In article <Ct60L9.G7G at UQuebec.CA>, Benoit_Hebert at IAF.UQUEBEC.CA () wrote:
> Reinhard Kunze (kunze at gen1.genetik.uni-koeln.de) wrote:
> > Is there everyone having experience in the use of degenerated oligonucleotides?
> > My plan is to order a 60 bases long oligonucleotide for site-directed
> > mutagenesis, which should have four wobble-positions. Could you please send
> > me your advice, in which ratios
>>> First, think about having your mutations near the center of your oligo. By the
> size of your oligo, I figure you'll be using the Kunkel method. I have more
> experience with PCR mutagenesis.
>> Obviously, the more degenerate your oligos, the greater number of different
> oligos you'll be using, and the lower the concentration of each population of
> oligo. If you can avoid degeneracy and can pre-select your intended mutations,
> the easier this experiment will be.
I regularly use PCR to mutate our favourite protein (SRF) and have on
occasions put mismatches within 6bp of the 3'end. In one cockup I used the
wrong template which meant i had a mismatch 2bp from the end, I still got a
good yield of product (of course 27 of the other 30 bp did match). We
always make the 3' end a G or a C, no idea how important this is as I've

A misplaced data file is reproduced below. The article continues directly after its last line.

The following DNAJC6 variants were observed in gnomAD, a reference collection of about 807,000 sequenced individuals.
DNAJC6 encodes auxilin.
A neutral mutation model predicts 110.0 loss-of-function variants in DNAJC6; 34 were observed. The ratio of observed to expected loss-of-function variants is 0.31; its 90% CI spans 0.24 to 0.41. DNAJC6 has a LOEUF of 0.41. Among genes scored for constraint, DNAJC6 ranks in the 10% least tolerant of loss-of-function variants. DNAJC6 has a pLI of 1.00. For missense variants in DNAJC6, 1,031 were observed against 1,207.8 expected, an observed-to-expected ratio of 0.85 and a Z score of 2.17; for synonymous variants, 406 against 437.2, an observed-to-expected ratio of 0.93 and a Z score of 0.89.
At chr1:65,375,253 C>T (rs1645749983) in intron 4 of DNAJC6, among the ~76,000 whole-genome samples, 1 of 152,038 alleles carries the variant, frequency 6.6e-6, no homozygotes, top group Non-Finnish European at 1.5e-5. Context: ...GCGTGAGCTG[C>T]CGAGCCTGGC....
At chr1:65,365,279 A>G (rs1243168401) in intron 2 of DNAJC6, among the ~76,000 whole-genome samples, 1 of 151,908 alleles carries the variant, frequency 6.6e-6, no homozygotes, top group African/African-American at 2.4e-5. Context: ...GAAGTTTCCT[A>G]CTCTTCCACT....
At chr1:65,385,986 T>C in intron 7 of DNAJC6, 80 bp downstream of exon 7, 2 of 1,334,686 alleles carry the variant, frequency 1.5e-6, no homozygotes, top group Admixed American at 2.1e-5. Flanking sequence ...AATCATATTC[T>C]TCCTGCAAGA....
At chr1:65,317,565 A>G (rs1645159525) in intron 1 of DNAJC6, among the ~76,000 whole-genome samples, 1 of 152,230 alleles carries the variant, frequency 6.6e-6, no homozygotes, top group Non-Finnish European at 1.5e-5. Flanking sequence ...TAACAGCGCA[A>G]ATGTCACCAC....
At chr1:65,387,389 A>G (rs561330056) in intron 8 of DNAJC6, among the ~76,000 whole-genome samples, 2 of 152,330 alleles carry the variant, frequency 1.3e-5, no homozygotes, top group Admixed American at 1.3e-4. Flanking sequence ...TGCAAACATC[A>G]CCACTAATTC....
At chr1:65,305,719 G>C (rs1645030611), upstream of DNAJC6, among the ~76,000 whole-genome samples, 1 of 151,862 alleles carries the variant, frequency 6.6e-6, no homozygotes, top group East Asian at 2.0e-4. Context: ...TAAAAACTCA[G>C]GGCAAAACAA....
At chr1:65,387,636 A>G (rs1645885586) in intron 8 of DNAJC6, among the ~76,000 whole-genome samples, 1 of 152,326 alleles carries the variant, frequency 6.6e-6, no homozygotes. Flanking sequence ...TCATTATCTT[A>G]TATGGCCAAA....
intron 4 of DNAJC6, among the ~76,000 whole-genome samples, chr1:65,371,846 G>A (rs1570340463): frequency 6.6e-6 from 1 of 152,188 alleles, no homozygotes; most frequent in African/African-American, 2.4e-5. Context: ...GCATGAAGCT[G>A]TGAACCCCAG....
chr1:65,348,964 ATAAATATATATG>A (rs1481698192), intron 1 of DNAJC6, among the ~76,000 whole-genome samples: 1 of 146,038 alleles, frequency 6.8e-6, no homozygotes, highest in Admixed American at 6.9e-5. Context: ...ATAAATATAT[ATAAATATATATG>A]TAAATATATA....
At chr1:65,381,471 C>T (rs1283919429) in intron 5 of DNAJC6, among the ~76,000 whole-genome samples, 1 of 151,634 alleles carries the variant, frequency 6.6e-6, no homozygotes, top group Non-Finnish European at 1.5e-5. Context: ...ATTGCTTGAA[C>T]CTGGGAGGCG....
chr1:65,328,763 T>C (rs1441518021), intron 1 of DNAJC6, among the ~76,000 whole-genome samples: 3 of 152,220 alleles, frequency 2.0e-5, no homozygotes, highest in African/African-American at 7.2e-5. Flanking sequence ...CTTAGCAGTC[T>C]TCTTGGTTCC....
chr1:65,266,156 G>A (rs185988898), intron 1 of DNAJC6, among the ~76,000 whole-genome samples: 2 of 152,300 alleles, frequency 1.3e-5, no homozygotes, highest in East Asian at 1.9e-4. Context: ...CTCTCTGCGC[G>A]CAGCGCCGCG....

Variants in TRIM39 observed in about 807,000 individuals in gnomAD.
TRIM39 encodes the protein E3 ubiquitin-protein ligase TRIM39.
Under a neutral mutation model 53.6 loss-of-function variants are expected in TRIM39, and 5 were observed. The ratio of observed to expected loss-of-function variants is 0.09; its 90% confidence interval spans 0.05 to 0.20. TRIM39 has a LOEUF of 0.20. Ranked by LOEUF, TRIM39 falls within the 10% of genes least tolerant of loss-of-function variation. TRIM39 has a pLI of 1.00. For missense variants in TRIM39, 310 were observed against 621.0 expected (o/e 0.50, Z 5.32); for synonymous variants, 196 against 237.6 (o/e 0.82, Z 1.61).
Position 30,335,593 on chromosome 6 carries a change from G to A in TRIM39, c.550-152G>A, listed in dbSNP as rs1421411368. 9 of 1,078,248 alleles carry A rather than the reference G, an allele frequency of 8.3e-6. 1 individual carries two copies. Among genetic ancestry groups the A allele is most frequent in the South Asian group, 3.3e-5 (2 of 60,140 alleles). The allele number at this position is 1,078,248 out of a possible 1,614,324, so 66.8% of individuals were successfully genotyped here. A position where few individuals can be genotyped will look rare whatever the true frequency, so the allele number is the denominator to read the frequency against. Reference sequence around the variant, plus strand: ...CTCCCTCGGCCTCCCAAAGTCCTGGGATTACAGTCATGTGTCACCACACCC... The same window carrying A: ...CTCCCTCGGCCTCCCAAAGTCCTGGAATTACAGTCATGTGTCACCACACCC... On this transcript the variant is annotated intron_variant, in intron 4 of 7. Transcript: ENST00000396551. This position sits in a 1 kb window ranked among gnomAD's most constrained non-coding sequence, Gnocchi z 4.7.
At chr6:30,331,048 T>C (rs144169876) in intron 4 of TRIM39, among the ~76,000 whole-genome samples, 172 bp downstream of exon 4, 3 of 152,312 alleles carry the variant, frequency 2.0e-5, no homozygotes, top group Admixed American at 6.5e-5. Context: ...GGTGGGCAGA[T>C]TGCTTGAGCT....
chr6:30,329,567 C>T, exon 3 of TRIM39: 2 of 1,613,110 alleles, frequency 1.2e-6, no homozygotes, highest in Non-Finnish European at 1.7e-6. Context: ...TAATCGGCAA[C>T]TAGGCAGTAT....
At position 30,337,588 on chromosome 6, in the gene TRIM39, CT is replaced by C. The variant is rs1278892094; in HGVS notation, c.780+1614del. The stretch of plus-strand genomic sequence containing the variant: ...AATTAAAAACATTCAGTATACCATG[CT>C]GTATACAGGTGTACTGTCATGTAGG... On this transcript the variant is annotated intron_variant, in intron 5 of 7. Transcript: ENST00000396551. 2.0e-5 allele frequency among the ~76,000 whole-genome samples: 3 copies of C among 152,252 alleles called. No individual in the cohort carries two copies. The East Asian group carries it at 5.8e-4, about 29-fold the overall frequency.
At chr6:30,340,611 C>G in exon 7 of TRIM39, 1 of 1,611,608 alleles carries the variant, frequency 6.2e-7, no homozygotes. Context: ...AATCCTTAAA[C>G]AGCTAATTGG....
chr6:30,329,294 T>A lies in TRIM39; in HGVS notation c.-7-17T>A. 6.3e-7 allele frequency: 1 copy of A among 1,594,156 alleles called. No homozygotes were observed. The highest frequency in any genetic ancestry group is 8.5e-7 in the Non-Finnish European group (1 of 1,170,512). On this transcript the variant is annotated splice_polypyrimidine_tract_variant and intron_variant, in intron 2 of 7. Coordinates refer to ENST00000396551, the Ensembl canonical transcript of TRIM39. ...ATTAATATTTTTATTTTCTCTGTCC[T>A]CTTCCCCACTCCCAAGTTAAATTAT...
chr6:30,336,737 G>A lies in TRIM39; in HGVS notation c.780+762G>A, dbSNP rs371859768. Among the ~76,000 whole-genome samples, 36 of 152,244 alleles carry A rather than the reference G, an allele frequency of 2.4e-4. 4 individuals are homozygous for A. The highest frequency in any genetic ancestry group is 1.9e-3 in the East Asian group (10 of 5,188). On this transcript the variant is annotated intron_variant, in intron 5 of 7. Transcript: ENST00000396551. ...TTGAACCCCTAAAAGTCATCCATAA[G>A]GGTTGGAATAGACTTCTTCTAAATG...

never done otherwise.
For cassette mutagenesis I made a 55bp oligo with 12 positions randomized
(ie all 4 bases can occur) the last randomized position was 25bp from the
3' end. It was used in PCR with a T7 17mer using the cycles
the reactions used 10pmol of each primer and 100ng of template in a 100ul
rxn, dNTPs at 0.2mM, Mg2+ 1.5mM.
My randomized oligo had a Cla site 7bp from the 5' end and the region PCRed
included an NcoI site. Thus the PCR rxn was phenoled, EtOH prec, resus,
digested and gel purified. The resulting library was amplified with
electrozap and hey presto a whole library of SRF mutants which were
randomized at 4 amino acids (possible number of mutant proteins =160,000,
if you don't count the stops). Its screening the little buggers that is the
problem. In my case it was the DNA binding domain and we screened then
using a yeast one hybrid screen.
The library appears to give a good representation of the 4 bases at the
randomized positions, ie we didn't detect any bias.